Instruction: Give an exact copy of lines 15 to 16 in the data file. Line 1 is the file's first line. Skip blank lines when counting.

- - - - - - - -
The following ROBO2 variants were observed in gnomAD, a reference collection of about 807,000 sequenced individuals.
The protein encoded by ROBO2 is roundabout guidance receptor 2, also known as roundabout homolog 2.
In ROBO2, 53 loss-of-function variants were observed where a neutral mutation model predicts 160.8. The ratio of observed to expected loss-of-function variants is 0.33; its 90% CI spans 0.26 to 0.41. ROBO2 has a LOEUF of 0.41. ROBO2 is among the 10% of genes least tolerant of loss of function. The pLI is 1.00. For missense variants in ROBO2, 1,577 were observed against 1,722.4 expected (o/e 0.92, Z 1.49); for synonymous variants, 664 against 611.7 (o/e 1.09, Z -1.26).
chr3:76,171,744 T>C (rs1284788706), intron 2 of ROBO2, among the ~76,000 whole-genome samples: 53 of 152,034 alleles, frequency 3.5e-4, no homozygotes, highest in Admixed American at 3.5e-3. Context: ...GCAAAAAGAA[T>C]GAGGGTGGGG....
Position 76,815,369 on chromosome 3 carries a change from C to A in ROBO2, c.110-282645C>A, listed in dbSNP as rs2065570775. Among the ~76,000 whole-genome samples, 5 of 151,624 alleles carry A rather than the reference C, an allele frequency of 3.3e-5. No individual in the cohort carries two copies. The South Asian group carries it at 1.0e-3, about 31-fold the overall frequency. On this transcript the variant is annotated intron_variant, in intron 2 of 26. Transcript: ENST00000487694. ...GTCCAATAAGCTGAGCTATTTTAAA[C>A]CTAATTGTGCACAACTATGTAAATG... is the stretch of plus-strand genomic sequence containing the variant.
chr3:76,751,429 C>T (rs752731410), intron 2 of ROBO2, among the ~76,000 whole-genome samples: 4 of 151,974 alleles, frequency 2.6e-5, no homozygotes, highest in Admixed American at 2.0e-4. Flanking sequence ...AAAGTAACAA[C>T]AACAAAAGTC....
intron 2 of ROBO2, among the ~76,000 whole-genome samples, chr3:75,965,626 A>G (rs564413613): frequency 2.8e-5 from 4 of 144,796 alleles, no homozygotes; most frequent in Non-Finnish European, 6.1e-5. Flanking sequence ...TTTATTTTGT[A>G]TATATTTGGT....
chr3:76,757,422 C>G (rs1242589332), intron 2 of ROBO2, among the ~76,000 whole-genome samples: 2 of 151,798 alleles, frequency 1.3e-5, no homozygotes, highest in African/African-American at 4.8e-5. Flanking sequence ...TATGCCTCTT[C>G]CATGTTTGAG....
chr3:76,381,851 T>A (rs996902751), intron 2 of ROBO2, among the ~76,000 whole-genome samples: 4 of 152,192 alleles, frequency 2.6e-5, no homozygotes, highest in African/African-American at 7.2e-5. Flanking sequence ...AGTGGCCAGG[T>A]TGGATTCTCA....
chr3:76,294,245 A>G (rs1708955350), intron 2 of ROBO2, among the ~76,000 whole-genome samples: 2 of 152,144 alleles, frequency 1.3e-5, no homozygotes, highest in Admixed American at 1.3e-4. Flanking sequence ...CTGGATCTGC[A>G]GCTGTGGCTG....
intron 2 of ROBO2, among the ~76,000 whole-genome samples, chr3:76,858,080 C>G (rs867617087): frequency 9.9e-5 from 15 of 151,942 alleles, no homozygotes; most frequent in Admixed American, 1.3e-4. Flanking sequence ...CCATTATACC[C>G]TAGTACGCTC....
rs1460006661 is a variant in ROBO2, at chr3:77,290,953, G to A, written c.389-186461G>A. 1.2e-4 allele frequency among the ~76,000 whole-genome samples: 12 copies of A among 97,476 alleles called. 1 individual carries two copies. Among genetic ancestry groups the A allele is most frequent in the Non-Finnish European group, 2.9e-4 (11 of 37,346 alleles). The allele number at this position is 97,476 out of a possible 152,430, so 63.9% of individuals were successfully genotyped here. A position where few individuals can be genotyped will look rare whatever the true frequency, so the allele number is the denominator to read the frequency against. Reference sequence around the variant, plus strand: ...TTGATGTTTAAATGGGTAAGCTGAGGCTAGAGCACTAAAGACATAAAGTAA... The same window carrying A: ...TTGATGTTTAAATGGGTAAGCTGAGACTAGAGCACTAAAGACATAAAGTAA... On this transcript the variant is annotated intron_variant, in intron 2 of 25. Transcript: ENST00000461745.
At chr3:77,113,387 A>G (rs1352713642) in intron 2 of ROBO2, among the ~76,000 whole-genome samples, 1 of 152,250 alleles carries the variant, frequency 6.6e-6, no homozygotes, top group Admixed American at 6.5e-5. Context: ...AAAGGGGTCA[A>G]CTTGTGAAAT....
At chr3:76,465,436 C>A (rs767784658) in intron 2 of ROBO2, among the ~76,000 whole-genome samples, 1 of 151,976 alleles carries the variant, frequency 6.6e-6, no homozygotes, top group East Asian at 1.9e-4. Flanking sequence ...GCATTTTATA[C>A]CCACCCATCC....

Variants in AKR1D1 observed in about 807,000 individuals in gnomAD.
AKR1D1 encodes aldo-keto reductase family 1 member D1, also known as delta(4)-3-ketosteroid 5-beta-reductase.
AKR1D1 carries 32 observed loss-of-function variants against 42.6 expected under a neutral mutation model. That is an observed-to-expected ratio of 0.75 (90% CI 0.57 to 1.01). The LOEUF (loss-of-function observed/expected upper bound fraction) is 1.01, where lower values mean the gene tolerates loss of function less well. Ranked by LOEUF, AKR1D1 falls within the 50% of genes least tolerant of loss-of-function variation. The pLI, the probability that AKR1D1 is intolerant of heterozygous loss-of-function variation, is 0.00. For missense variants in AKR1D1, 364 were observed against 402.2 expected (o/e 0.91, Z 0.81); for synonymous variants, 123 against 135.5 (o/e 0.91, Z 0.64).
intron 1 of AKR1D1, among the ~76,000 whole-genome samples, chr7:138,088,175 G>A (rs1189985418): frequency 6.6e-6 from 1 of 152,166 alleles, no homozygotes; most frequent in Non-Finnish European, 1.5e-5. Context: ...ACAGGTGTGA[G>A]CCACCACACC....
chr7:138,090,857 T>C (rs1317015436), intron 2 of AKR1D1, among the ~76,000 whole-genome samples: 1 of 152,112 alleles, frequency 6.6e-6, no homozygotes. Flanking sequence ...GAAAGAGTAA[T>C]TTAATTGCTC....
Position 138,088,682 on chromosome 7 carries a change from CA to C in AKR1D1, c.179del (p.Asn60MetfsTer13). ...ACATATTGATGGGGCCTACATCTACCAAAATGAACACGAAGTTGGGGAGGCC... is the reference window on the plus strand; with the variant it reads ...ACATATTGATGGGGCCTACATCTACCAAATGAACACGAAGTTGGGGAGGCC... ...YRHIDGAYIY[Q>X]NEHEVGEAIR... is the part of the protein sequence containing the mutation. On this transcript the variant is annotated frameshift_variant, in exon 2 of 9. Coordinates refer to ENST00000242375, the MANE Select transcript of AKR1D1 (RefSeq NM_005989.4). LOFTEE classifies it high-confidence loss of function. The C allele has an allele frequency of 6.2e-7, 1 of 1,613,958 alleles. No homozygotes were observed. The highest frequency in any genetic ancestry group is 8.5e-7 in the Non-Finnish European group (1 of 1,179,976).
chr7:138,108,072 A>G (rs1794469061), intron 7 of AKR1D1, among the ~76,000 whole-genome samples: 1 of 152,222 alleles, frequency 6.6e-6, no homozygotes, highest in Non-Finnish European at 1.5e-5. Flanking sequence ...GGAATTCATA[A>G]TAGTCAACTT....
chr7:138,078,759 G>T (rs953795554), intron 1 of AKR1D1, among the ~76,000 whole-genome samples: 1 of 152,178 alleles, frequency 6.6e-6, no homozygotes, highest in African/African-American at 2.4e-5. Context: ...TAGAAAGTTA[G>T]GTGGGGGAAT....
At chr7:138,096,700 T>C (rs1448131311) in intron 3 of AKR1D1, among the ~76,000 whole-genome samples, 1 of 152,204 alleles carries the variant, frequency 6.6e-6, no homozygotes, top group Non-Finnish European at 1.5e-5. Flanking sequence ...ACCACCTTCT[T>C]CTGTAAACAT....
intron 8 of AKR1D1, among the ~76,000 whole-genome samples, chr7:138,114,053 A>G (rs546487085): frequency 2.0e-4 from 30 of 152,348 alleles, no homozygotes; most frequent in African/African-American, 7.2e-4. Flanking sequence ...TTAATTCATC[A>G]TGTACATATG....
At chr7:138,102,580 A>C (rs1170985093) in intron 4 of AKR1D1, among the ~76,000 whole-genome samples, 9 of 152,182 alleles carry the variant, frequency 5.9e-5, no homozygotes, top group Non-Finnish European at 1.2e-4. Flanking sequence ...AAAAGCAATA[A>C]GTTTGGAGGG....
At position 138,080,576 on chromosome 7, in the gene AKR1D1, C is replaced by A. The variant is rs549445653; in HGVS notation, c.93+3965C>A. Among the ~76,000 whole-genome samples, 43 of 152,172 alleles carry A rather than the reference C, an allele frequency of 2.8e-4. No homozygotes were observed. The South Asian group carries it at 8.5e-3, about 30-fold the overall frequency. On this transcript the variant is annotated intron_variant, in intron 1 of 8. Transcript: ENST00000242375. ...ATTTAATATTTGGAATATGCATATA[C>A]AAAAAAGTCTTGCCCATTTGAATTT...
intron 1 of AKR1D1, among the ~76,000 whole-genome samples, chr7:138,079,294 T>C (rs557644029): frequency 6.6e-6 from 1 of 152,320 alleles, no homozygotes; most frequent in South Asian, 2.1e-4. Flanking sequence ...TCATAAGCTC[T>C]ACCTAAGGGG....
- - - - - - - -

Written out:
Variants in AKR1D1 observed in about 807,000 individuals in gnomAD.
AKR1D1 encodes aldo-keto reductase family 1 member D1, also known as delta(4)-3-ketosteroid 5-beta-reductase.